Los Angeles-based artist, Alex Prager was in London last week for her first solo show in the UK at Michael Hoppen’s gallery. Prager photographs her female subjects in a style reminiscent of the great mid-20th-century film directors such as Alfred Hitchcock and Douglas Sirk. Similar to old style movie stills displayed outside cinemas, Prager’s photographs offer us stories that encourage us to imagine what happens before and after, beyond the edge of the frame. Often shot from an unexpected angle and unusually lit the audience are positioned as voyeurs. Synthetic wigs, fake birds and retro costumes are meticulously planned and her models cast as players frozen in the narrative. The exhibition is on until 7 June at Michael Hoppen Gallery.
Julian Schnabel was joined by his close friend Tracey Emin for the launch of his exhibition at Robilant + Voena, which is on until 22 May. The seven new paintings in the show were created from early 20th century hospital x-rays that Schnabel found in an abandoned house at Berck-sur-Mer when filming his film ‘The Diving Bell and the Butterfly’, for which he won a BAFTA for Best Director and received an Oscar nomination for Best Director. Despite the bravura in much of his work as a painter, a certain sense of vulnerability, even tenderness, pervades Schnabel’s work – and nowhere more so than in these paintings, derived from these hospital x-rays. Schnabel has transformed these old scientific documents into epic yet ethereal figures where the full traces of passage and use (scratches, spots, stains) are fixed in depthless reproduction. Fragments of a giant skeleton – pelvis, femur, cervical spine, and so on – appear as little more than skeins of smoke or dust looming on the sheer surfaces of the vertical supports.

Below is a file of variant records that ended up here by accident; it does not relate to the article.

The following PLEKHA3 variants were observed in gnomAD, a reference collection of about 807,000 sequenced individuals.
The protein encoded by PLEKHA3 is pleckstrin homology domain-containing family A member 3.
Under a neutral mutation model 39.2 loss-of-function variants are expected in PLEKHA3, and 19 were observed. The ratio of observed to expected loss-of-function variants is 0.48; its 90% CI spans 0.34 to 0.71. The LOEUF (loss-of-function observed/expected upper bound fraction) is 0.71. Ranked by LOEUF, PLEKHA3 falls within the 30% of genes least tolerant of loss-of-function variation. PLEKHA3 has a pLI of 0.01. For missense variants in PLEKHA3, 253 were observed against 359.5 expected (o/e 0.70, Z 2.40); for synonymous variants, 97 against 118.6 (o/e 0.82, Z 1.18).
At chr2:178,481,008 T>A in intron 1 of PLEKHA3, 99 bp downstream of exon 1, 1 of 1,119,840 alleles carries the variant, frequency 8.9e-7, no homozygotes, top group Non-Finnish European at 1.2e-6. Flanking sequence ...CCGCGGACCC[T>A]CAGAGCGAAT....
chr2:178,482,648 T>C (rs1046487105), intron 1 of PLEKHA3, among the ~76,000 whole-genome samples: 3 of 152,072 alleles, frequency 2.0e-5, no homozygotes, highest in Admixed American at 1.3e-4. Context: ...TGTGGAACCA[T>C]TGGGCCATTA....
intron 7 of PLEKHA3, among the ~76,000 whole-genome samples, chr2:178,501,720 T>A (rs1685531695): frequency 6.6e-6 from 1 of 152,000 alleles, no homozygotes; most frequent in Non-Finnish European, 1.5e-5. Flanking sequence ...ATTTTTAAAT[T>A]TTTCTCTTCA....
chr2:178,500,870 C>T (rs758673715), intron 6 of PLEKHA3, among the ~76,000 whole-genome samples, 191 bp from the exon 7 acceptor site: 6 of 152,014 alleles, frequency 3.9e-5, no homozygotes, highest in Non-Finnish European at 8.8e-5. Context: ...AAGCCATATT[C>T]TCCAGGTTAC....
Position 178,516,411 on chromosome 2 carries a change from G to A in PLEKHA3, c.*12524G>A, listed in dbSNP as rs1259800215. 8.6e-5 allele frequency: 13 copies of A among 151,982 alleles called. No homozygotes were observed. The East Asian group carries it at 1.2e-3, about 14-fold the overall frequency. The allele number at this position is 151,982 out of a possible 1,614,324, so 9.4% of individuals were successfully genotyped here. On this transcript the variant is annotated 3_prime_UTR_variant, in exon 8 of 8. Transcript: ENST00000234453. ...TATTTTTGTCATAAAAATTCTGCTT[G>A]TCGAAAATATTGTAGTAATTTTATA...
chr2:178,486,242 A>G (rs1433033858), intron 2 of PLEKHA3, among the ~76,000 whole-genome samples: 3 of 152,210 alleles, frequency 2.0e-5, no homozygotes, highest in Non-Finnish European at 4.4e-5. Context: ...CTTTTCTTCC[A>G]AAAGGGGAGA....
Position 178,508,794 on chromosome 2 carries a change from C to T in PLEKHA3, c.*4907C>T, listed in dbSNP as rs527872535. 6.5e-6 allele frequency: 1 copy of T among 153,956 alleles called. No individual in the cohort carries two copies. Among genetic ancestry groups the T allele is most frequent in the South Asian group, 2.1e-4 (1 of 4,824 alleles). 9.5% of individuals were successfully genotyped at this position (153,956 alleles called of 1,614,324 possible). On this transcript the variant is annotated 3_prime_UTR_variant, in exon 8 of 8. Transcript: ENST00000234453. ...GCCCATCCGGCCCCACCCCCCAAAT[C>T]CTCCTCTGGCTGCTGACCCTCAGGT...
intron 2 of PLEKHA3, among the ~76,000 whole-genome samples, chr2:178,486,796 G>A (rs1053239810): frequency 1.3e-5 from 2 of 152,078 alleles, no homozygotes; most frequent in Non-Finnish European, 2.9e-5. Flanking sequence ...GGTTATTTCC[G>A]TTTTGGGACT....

Stuart Shave’s new gallery opened in Eastcastle Street in the West End of London last week with its inaugural exhibition of new work by British painter Nigel Cooke. On until 25 May, the exhibition, entitled ‘New Accursed Art Club’, features a series of paintings, many on an epic and terrifying scale. Cooke presents a dystopian vision of the world in which giant skulls engulf the natural world, strangely hirsute teenagers deface the walls of derelict buildings with graffiti, and urban environments are depicted in a state of disrepair. These disquieting works can be seen at Stuart Shave/Modern Art until 25 May.
Lucinda Mellor, Tracey Emin and Julian Schnabel
Ralf Sachs and Simon de Pury at Julian Schnabel’s opening
Keith Tyson joins the crowds outside Stuart Shave’s new gallery for the inaugural exhibition by Nigel Cooke
Alex Prager with gallerist Michael Hoppen
Alannah Weston at Alex Prager’s opening
All photographs copyright Dafydd Jones